That general damages are awarded only if injury were foreseeable to a reasonable man and that special damages are awarded only if actual notice were given the carrier of the possibility of injury. Damage is foreseeable by the carrier if it is the proximate and usual consequence of the carrier's action.
A carrier and a shipper arranged for shipment of a dragline in five separate railroad cars. A single uniform bill of lading was provided. The last of the five cars arrived late and damaged. The shipper filed suit against the carrier, seeking compensation for wrongful deprivation of the dragline's use during the periods of delay in transit and of repair. The carrier filed a motion to dismiss, arguing that the alleged damages were special damages and therefore were not recoverable absent notice of the possibility of such damages. The district court granted the carrier's motion.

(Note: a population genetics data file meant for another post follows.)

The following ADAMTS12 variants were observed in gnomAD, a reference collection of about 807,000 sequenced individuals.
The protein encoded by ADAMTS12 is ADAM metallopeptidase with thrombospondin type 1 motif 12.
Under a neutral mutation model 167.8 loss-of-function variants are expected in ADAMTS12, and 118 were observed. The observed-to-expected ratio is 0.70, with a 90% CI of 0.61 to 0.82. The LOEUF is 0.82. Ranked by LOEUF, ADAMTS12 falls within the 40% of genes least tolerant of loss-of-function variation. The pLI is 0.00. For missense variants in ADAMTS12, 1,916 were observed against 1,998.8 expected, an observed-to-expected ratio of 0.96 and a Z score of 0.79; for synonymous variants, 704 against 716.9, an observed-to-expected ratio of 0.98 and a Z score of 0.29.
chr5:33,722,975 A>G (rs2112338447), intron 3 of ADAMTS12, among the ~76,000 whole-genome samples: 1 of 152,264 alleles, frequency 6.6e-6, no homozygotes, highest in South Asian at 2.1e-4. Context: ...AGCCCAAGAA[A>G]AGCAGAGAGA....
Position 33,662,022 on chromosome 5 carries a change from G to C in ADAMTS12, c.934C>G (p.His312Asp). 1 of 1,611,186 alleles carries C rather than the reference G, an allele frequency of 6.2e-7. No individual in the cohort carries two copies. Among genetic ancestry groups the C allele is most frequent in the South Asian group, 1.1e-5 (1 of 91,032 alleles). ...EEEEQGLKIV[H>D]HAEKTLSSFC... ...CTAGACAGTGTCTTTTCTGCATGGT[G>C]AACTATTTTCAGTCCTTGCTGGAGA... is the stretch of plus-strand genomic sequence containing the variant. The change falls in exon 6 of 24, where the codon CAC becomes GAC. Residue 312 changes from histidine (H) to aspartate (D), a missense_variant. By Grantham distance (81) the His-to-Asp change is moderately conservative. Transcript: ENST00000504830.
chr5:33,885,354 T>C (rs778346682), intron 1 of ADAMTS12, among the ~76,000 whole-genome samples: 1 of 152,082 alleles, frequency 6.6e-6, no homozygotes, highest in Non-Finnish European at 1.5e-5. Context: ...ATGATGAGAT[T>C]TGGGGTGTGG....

Was it proper to grant the motion to dismiss?
The court found that general damages could have been awarded only if injury was foreseeable to a reasonable man, and special damages should have been awarded only if actual notice was given to the carrier of the possibility of injury. Reversing in part, the court held that the amount of damages that were reasonably foreseeable involved a question of fact that appellant was entitled to present to a jury.